Throughout the year, grass in your yard takes a beating. People, pets, and even equipment like lawn mowers trample all over it. Snow and rain beat down. Dead grass and debris pile up creating a thick layer of thatch. This all contributes to soil compaction. When soil is compacted or the layer of thatch is too thick, food, air, and water can’t get through to the grass and plant root systems to help in the growth process. What can you do? Here’s how to help with some do-it-yourself lawn aeration tips.

What Is Lawn Aeration?

Lawn aeration is the process of puncturing the soil beneath the grass with a series of holes. This creates a more open environment for the proper nutrients and water to soak into the soil. It also aids in breaking up the thatch layer. Lawn aeration promotes grass growth. So if you want your grass to be healthy, it’s a good idea to incorporate aeration into your lawn care maintenance at least once a year.

Getting Ready

The first thing you need is the proper equipment. If you don’t already have aerating equipment, rent a power or manual machine from your local garden center. An aerating machine has either hollow or solid tines that puncture the ground. We prefer the hollow tines because they pull out plugs of soil as they penetrate the ground. Once removed, the plugs leave behind holes in which water and nutrients can be easily absorbed. The holes also provide root systems a place in which to expand as they grow.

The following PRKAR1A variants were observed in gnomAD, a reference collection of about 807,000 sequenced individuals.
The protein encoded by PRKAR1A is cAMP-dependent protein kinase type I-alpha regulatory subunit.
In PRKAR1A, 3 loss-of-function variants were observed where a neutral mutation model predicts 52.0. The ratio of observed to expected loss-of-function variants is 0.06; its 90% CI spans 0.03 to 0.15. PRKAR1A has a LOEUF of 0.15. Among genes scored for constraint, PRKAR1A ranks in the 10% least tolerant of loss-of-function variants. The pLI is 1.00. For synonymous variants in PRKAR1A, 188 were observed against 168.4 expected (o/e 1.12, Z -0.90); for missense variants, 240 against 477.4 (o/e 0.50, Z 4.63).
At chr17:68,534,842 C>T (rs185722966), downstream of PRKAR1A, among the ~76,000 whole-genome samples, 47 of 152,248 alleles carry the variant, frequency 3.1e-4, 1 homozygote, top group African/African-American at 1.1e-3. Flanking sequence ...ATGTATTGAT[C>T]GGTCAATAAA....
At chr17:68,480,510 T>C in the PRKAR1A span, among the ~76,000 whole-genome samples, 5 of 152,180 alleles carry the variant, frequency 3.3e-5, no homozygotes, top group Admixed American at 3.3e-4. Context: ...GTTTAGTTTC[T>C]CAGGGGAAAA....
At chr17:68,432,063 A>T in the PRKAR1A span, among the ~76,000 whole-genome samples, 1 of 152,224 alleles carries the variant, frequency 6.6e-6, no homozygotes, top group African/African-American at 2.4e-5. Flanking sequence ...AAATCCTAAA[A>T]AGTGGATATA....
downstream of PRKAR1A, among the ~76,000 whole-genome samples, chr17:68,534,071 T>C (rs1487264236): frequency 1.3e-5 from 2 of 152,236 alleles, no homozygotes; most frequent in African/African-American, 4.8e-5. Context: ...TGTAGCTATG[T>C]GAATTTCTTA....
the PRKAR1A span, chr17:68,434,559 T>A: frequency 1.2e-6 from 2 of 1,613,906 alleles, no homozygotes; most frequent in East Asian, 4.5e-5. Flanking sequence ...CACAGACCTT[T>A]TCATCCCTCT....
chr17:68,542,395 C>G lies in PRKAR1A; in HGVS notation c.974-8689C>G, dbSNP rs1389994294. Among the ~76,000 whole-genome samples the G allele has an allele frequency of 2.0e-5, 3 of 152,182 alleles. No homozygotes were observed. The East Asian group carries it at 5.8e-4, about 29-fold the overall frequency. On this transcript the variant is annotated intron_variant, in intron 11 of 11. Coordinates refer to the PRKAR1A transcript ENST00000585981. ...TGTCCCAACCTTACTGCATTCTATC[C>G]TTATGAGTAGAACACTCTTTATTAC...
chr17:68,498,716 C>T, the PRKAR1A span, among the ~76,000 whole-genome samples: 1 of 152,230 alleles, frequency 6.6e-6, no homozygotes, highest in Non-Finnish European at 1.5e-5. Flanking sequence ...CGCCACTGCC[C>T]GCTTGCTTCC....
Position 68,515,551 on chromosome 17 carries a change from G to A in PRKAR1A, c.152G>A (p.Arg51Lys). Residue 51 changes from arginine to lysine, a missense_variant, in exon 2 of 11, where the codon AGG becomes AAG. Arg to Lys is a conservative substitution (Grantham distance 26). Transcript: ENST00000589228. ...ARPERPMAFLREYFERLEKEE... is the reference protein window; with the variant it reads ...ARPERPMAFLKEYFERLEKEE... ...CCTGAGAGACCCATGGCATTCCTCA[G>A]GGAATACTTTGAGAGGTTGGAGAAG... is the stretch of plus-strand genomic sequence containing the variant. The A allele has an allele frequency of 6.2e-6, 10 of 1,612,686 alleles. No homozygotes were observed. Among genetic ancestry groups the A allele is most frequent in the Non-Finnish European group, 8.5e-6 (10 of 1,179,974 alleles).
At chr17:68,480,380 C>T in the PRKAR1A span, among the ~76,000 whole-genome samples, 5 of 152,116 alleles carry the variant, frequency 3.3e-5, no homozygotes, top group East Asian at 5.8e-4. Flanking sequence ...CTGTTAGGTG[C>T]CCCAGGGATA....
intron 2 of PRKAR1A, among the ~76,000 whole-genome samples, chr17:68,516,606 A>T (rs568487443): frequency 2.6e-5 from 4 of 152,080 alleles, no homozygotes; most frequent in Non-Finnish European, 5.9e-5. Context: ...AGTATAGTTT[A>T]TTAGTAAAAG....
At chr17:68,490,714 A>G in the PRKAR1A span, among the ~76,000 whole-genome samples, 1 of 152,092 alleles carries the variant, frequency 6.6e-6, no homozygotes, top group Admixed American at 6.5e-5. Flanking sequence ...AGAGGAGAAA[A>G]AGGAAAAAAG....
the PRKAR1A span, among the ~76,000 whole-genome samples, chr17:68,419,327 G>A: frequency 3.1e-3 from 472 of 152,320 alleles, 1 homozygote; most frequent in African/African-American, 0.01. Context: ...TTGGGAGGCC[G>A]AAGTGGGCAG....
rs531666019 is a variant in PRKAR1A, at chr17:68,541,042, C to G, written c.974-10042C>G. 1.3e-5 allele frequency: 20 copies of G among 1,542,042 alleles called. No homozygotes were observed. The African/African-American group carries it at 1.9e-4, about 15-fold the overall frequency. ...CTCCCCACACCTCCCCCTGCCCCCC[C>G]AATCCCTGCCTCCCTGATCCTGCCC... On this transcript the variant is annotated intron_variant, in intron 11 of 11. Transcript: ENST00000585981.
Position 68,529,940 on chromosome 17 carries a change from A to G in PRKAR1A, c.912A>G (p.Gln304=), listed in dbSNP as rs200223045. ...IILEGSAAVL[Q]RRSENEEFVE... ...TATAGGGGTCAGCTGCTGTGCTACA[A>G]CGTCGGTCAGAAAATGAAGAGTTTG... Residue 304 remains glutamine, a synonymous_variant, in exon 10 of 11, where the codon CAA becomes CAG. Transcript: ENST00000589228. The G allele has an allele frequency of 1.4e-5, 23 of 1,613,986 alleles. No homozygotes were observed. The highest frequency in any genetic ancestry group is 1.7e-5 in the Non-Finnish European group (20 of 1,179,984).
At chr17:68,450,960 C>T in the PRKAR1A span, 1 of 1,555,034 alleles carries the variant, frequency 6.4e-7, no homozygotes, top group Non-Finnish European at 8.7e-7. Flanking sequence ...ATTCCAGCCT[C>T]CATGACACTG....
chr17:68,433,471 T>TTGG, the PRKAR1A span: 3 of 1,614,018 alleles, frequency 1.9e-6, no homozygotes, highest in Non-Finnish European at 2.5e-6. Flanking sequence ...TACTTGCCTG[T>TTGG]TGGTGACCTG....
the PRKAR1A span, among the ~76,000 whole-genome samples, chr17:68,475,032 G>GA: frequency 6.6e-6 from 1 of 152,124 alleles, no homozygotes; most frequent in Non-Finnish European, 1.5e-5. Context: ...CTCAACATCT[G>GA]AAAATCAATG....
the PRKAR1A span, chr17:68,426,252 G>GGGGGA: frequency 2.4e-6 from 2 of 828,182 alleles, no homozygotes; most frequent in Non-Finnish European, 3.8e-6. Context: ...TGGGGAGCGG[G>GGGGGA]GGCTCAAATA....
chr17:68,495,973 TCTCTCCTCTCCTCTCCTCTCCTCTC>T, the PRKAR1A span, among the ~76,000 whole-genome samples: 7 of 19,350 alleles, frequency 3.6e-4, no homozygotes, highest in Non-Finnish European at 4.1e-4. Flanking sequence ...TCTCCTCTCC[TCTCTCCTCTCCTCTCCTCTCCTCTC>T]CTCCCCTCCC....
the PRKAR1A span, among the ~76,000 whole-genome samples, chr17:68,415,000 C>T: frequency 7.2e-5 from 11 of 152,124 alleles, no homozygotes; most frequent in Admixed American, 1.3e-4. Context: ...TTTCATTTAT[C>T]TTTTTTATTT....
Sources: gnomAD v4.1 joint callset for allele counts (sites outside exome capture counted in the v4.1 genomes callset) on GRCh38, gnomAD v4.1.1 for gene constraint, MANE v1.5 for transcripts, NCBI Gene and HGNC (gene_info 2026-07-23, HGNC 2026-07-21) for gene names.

The next step is to clean up your yard. Rake up leaves and debris and mow the lawn. Then, give your yard a thorough watering if it hasn’t rained recently. Aeration works best on moist soil. You’ll also want to mark where sprinkler heads are located or other areas you want to avoid hitting with the machine.

How to Perform Lawn Aeration

Start at one side and move the aerator across the yard in even rows. Holes should be around two or three inches deep and spaced a couple of inches apart. Once you’ve covered the lawn one time, cover heavily traveled areas that need a little extra help one more time. Afterwards, the scattered soil plugs may not look appealing, but they’ll blend back into the lawn in a couple weeks. Now is the prime time to fertilize, because nutrients penetrate the hole-filled earth with ease. It’s also a good time for reseeding if needed.

Give Us a Call

When it comes to lawn aeration, time is of the essence. Aerate cool weather grasses in the fall, and aerate warm season grasses in late spring or early summer. If you are unsure what kind of grass you have or when to aerate, call in a professional. Contact Free Spray Lawn Care at [phone] today. We’ll save you time and energy, plus we have all of the equipment required.